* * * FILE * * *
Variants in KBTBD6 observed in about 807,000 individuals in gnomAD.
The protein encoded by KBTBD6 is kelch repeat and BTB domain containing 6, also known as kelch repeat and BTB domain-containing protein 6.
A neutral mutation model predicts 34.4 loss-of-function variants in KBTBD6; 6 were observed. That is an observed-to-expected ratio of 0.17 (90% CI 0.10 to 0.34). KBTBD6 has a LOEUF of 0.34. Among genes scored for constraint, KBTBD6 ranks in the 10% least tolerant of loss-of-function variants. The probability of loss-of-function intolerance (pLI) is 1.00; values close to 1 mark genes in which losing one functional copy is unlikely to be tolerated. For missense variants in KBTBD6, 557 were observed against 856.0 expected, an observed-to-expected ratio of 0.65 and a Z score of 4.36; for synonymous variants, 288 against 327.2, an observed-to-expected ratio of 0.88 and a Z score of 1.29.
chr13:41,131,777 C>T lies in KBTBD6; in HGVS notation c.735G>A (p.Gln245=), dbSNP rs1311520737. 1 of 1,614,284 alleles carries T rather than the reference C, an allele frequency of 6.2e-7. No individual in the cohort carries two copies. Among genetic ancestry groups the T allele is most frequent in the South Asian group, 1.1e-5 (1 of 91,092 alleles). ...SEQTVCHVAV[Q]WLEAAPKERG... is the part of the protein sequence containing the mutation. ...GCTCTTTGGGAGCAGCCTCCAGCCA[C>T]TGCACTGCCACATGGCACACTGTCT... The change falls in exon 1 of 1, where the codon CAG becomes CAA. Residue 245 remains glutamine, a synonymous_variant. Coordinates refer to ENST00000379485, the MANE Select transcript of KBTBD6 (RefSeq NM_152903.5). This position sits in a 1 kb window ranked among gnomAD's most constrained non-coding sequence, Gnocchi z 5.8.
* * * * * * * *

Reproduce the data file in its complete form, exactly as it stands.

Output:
Variants in KBTBD6 observed in about 807,000 individuals in gnomAD.
The protein encoded by KBTBD6 is kelch repeat and BTB domain containing 6, also known as kelch repeat and BTB domain-containing protein 6.
A neutral mutation model predicts 34.4 loss-of-function variants in KBTBD6; 6 were observed. That is an observed-to-expected ratio of 0.17 (90% CI 0.10 to 0.34). KBTBD6 has a LOEUF of 0.34. Among genes scored for constraint, KBTBD6 ranks in the 10% least tolerant of loss-of-function variants. The probability of loss-of-function intolerance (pLI) is 1.00; values close to 1 mark genes in which losing one functional copy is unlikely to be tolerated. For missense variants in KBTBD6, 557 were observed against 856.0 expected, an observed-to-expected ratio of 0.65 and a Z score of 4.36; for synonymous variants, 288 against 327.2, an observed-to-expected ratio of 0.88 and a Z score of 1.29.
chr13:41,131,777 C>T lies in KBTBD6; in HGVS notation c.735G>A (p.Gln245=), dbSNP rs1311520737. 1 of 1,614,284 alleles carries T rather than the reference C, an allele frequency of 6.2e-7. No individual in the cohort carries two copies. Among genetic ancestry groups the T allele is most frequent in the South Asian group, 1.1e-5 (1 of 91,092 alleles). ...SEQTVCHVAV[Q]WLEAAPKERG... is the part of the protein sequence containing the mutation. ...GCTCTTTGGGAGCAGCCTCCAGCCA[C>T]TGCACTGCCACATGGCACACTGTCT... The change falls in exon 1 of 1, where the codon CAG becomes CAA. Residue 245 remains glutamine, a synonymous_variant. Coordinates refer to ENST00000379485, the MANE Select transcript of KBTBD6 (RefSeq NM_152903.5). This position sits in a 1 kb window ranked among gnomAD's most constrained non-coding sequence, Gnocchi z 5.8.